Back out the door I eased, barrel first followed eagerly by watchful eyes. Sitting beside the flat tyre of the stock trailer was a rabbit. Through the scope its dark brown eye showed me that he knew that danger was near and I clean missed! Puffs of dirt followed the bolting bunny's trail as I stood wondering how I muffed such an easy shot.

Around the hayshed rabbits ran at my approach while I made my way over to a dam wall that held several burrows. At least four rabbits could be seen as I crouched low with swaying heads of grass just below my chin, I eased closer. They sat watchful but not alarmed at my approach as I sat down beside a fence post and slid the barrel through. Taking aim at the easiest target which also happened to be sitting below its burrow, I fired. Thwack! The young kitten leapt about with a solid and clean headshot. If he'd been sitting above the burrow mouth he probably would have been lost down the tunnel even though he was stone dead on impact. I headed back to the hayshed; there should be something out by now!

Although nothing moved around the shed's perimeter a single rabbit sat beside the steel frame inside as I took his photo and then dropped him with the airgun. In the confined space and corrugated walls the air rifle was in its element. Several round hay bales sat to the right of the shed and although I kept a watchful eye around them no rabbits appeared amongst them. Instead they were all appearing at the opposite end where numerous tunnels weaved beneath sheets of iron covered with hay. When the afternoon grew tired I collected the shot rabbits while wiser rabbits could be heard shuffling nervously beneath the iron with my footsteps above.

Back at the vehicle the bunnies were gutted and heads removed as the flies had already left their calling card in the rabbit's mouths. Apart from that they were now safe from blowfly strike in the back of the Toyota. They'd be used for ferret food, so the delay in field dressing wasn't a problem.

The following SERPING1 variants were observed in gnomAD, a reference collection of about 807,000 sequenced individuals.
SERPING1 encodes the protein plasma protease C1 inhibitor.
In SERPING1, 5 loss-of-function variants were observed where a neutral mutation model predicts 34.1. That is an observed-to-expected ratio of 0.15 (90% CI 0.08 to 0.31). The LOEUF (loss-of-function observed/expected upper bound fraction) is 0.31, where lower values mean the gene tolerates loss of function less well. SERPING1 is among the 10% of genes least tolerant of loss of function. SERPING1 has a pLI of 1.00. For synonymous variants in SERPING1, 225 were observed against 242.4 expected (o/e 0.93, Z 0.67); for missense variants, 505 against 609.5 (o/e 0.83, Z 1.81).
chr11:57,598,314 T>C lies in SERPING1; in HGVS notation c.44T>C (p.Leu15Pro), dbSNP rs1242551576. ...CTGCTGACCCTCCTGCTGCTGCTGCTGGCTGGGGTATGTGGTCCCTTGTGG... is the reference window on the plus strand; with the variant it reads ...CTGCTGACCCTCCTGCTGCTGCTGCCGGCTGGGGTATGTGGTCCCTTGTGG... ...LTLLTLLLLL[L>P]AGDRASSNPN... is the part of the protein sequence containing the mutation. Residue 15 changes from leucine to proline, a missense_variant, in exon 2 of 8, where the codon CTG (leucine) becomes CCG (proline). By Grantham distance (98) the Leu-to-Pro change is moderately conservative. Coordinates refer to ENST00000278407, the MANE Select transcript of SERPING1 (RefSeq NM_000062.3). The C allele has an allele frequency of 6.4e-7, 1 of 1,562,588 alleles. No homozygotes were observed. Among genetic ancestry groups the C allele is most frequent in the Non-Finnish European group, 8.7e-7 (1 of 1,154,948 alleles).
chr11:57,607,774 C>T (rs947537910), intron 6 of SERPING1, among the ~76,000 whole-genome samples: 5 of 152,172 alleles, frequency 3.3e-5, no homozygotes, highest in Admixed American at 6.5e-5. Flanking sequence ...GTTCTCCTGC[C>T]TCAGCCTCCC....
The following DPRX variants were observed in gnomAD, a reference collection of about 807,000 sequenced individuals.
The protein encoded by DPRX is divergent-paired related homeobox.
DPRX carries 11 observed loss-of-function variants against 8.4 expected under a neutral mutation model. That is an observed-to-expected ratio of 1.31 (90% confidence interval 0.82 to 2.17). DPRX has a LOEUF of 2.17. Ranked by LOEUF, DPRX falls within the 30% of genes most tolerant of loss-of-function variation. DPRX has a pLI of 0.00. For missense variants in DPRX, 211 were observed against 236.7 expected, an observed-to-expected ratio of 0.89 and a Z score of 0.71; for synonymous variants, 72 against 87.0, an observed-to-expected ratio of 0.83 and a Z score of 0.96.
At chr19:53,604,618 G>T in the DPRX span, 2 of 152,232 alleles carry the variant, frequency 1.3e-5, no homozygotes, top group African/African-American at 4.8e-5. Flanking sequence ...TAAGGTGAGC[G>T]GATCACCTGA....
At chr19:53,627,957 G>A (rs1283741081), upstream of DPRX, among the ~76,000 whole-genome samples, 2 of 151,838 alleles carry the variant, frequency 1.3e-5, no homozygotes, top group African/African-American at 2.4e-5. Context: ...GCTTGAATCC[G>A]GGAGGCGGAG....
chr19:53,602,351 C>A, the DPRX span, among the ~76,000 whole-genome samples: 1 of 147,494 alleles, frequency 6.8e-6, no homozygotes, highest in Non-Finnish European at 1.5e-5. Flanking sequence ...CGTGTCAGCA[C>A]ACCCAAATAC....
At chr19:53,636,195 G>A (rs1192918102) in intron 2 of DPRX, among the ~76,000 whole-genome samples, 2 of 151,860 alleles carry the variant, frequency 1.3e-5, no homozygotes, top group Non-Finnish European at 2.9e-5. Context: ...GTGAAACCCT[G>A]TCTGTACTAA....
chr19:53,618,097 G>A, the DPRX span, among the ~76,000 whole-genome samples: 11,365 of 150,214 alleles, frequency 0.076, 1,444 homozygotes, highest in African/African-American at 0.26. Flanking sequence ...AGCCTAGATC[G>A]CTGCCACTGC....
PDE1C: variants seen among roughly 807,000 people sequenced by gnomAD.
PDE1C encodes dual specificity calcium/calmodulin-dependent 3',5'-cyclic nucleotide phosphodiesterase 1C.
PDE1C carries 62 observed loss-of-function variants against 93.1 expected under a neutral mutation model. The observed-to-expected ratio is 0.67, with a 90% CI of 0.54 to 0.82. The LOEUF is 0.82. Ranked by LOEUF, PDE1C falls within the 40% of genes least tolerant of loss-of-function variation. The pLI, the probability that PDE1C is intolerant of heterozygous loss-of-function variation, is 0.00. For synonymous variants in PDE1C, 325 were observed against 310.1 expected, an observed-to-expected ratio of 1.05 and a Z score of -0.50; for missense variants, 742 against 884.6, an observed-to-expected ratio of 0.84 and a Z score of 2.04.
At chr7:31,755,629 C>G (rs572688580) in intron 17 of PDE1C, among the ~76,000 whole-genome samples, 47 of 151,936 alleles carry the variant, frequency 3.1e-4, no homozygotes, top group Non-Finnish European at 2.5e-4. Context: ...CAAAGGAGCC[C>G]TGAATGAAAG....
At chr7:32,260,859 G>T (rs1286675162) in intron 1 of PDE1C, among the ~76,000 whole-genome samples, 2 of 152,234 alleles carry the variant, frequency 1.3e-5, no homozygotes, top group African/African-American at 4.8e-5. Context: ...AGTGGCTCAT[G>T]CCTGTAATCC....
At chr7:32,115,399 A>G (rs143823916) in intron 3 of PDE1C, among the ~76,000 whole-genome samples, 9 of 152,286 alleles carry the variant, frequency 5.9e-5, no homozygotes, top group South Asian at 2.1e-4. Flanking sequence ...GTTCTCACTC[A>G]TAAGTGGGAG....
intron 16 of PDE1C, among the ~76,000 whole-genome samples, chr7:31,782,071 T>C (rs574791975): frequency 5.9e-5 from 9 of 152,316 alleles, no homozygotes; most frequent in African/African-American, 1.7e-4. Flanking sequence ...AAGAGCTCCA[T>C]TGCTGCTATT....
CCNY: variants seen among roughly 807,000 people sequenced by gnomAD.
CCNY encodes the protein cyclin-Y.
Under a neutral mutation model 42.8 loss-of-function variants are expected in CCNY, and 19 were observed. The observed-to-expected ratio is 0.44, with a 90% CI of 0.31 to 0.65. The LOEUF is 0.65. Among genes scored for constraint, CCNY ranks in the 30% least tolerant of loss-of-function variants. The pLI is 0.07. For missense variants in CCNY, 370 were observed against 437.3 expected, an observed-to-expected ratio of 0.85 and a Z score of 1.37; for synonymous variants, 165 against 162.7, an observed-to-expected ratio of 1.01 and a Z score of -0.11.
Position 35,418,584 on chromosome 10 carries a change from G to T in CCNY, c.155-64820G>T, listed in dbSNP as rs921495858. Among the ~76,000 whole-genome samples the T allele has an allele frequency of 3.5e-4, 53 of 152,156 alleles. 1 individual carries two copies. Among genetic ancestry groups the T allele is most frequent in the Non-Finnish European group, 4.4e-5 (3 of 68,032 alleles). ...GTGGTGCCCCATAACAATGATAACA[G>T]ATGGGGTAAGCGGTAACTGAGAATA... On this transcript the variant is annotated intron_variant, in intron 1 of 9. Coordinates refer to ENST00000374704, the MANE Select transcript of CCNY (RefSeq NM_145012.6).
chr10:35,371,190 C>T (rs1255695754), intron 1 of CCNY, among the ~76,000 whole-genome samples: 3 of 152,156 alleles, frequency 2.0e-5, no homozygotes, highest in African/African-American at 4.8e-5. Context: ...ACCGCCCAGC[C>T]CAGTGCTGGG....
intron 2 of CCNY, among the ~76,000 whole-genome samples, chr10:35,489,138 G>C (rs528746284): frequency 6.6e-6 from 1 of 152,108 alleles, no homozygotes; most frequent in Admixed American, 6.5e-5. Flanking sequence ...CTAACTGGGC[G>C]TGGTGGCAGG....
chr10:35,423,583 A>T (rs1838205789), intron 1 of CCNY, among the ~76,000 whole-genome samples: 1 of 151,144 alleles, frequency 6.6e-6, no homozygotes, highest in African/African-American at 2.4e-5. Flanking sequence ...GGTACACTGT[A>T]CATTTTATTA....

I went home for a feed before returning just after dark to do some spotlighting. Still the wind blew strong through the Cyprus trees causing them to sing their familiar tune in a choir with the whistling wind. Stars and a quarter moon were my only company as I made my way for the house yard and garden. The gate was opened with the customary clatter of chain and latch (regardless of how quiet you try to be) before I lit up the front lawn. Six bunnies could be seen; a pair within thirty yards and another four over to the left at 50 yards. The bolmayt was being worked and rabbit kicking as his companion disappeared into the next paddock. Over to the fence post I went and there he was sitting still on the other side. Thwack! Now back to the other four. They had become uneasy with the two shots and the dull spotlight beam caused them to mill about. Four shots later another three bunnies lay still on the front lawn. I was rapt to take five out of the six rabbits and fantasies of 30 or 40 rabbits sprung to mind.

Unfortunately, that wasn't to be as the night went downhill from there. Around the back of the house, where the majority of rabbits were; the wind blew strongly making the bunnies very uneasy and accurate shooting difficult. I only managed another five of the frustrating conies while I was a bit disappointed with only 19 bunnies on a property where 30 to 50 should've been taken. I was really blessed that the owner had a hayshed haven for me and the rabbits to get out of that wind!